Ensemble Calculations of Structural Trajectories: Coupling Molecular Dynamics Simulation in Data Analysis

Solar energy conversion functions often depend on dynamic structures in so­lution or on a supporting matrix where a transiently appearing dynamic structure could evolve into a precursor for catalytic intermediates. Such dy­namic structures are implicitly depicted by the Debye-Weller factor in the conventional XAS data analysis in Equation (12.1), without specific description of the structural origin. In many homogeneous photochemical reactions, metal complexes interact with solvent molecules to form transient dynamic solvated structures, such as dynamic bonding between the catalyst molecule and the solvent or substrate molecules. These dynamic structures may well be the precursor or transition states in catalytic reactions, but were unfortunately obscured in the conventional data analysis.

Molecular dynamics (MD) simulation for many years has been used as a ‘‘partner’’ in analyzing XAFS data for studying the atomic radial distribution function of materials without long range order.166,167 Unfortunately XAFS is not sensitive enough to the bond angles and thus the MD-XAFS combination is not capable of extracting the full three-dimensional (3D) molecular structure, even though bond angles are very important for gaining deep insight into the ‘‘structure-function’’ relationship of catalytic systems. XANES analysis using a MIA or MXAN scheme has proven to be sensitive enough to extract full 3D local structural parameters around active metal centers in complex sys – tems.44,168 Recently, MD simulations were applied in advanced XANES an­alysis of the 3D local atomic structure of a metal ion in water169,170 using the XANES analysis program MXAN.45,46 However, the full molecular potential XANES simulation (i. e. simulations beyond muffin-tin approximation171) used were computationally very expensive, limiting the calculations to a small number of atoms surrounding the metal ion. Hence, a more effective approach is needed to deal with the relatively large number of atoms in multi-metallic catalytic metal complexes for solar energy conversion.

12.2 Summary

Advances in third generation synchrotron sources for XTA over the past decade have significantly enhanced our understanding of photon-matter interactions and the structural origins of photochemical properties of excited state molecules relevant to photoinduced homogeneous and heterogeneous electron and energy transfer processes. As the technique develops, higher quality data and better theoretical modeling are crucial in advancing XTA to become a common method for solving transient structures along excited state trajectories during photochemical processes involving multiple temporal and spatial scales. Emerging ultrafast X-ray sources with pulse durations compar­able to ultrafast lasers open new opportunities to study molecular structural dynamics in real time with atomic resolution during fundamental chemical events, such as bond breaking. Making molecular movies is no longer a fantasy, but a reality. Therefore, we expect many future breakthroughs in solving mo­lecular and electronic reorganization during solar energy conversion, which will provide guidance for the design of efficient catalysts for solar fuel generation and materials for efficient photovoltaic generation of electricity.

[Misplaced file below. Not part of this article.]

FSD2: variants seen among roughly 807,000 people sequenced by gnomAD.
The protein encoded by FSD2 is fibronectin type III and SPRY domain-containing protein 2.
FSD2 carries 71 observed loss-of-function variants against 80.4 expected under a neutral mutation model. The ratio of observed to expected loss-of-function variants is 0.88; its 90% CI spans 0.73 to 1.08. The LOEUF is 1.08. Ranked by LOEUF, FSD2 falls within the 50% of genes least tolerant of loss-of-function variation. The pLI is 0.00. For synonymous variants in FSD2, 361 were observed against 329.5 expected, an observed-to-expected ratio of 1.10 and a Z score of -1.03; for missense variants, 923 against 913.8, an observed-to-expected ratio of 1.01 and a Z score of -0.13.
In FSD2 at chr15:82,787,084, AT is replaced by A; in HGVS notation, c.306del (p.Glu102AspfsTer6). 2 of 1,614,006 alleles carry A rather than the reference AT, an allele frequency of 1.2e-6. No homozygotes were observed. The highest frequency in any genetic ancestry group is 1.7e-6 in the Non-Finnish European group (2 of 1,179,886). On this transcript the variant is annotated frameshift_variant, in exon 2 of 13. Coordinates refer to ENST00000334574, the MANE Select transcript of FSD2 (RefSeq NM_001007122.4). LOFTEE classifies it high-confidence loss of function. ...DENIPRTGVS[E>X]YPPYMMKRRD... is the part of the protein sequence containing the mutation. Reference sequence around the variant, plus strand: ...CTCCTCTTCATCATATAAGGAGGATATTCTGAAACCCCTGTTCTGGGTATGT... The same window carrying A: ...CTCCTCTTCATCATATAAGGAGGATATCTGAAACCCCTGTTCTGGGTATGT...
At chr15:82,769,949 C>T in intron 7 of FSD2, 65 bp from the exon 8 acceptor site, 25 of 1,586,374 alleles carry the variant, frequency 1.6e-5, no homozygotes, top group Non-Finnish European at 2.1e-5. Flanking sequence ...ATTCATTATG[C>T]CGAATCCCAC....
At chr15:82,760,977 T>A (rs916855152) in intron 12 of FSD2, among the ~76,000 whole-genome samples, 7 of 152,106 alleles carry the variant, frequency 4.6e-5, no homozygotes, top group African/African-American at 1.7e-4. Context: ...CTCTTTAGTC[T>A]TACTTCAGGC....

The experimental work was funded by the Division of Chemical Sciences, Geosciences and Biosciences, Office of Basic Energy Sciences of the US Department of Energy through Grant DE-AC02-06CH11357. The authors would like to thank Drs. Klaus Attenkofer, Guy Jennings and Xiaoyi Zhang from the Advanced Photon Source for their long term collaboration and postdoctoral research associates and students who have contributed to the development of XTA method and samples, and Drs. Wighard Jager, Tao Liu, George B. Shaw, Erik C. Wasinger, Jenny V. Lockard, Andrew B. Stickrath, Michael R. Harpham, Jier Huang, Mr. Michael W. Mara, Ms. Nosheen Gothard and Megan Shelby. The author is thankful for collaboration with colleagues at Argonne, Drs. David J. Gosztola, Jan Hessler, Di-Jia Liu, David M. Tiede and the Solar Energy Conversion (Photosynthesis) Group. Dr. Grigory Smolentsev and Prof. Alexander Soldatov have collaborated in implementing MIA into XTA data analyses. LXC is grateful for collaboration with Profs. Gerald J. Meyer, Jonathan S. Lindsey, Michael D. Hopkins, Michael R. Wasielewski, F. Castellano, Jean-Pierre Sauvage, Fraser Stoddart, M. Benfatto, S. Della Longa and Daniel G. Nocera and their groups in various institutions. The long term support from the Sector 11 & 12 staff at the Advanced Photon Source has been invaluable to the work presented here. Use of the Advanced Photon Source was supported by the US Department of Energy, Office of Science, Office of Basic Energy Sciences, under Contract No. DE-AC02-06CH11357. The author would like to acknowledge the assistance received from Brian Roczynski, Michael Mara and Michael Harpham in proof reading the manuscript.

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Updated: August 18, 2015 — 3:33 pm